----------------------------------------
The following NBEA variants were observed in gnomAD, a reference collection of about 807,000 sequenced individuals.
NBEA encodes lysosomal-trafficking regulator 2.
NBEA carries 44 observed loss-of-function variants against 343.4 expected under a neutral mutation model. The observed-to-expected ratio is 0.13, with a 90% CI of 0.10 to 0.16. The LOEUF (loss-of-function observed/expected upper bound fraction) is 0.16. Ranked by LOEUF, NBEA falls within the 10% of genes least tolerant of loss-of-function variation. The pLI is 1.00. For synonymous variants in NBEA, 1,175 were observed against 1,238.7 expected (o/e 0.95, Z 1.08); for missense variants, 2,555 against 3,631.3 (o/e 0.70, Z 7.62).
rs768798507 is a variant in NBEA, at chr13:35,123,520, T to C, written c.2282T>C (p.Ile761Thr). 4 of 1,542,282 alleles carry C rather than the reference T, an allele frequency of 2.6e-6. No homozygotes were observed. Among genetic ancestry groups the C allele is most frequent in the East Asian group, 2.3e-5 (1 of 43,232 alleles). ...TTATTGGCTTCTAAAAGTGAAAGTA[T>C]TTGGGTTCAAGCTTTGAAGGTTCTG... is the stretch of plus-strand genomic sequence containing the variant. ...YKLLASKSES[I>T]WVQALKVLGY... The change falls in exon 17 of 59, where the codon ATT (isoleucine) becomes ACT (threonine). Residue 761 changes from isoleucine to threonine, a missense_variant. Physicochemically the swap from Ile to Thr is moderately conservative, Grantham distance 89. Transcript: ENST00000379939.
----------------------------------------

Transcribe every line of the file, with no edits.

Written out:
The following NBEA variants were observed in gnomAD, a reference collection of about 807,000 sequenced individuals.
NBEA encodes lysosomal-trafficking regulator 2.
NBEA carries 44 observed loss-of-function variants against 343.4 expected under a neutral mutation model. The observed-to-expected ratio is 0.13, with a 90% CI of 0.10 to 0.16. The LOEUF (loss-of-function observed/expected upper bound fraction) is 0.16. Ranked by LOEUF, NBEA falls within the 10% of genes least tolerant of loss-of-function variation. The pLI is 1.00. For synonymous variants in NBEA, 1,175 were observed against 1,238.7 expected (o/e 0.95, Z 1.08); for missense variants, 2,555 against 3,631.3 (o/e 0.70, Z 7.62).
rs768798507 is a variant in NBEA, at chr13:35,123,520, T to C, written c.2282T>C (p.Ile761Thr). 4 of 1,542,282 alleles carry C rather than the reference T, an allele frequency of 2.6e-6. No homozygotes were observed. Among genetic ancestry groups the C allele is most frequent in the East Asian group, 2.3e-5 (1 of 43,232 alleles). ...TTATTGGCTTCTAAAAGTGAAAGTA[T>C]TTGGGTTCAAGCTTTGAAGGTTCTG... is the stretch of plus-strand genomic sequence containing the variant. ...YKLLASKSES[I>T]WVQALKVLGY... The change falls in exon 17 of 59, where the codon ATT (isoleucine) becomes ACT (threonine). Residue 761 changes from isoleucine to threonine, a missense_variant. Physicochemically the swap from Ile to Thr is moderately conservative, Grantham distance 89. Transcript: ENST00000379939.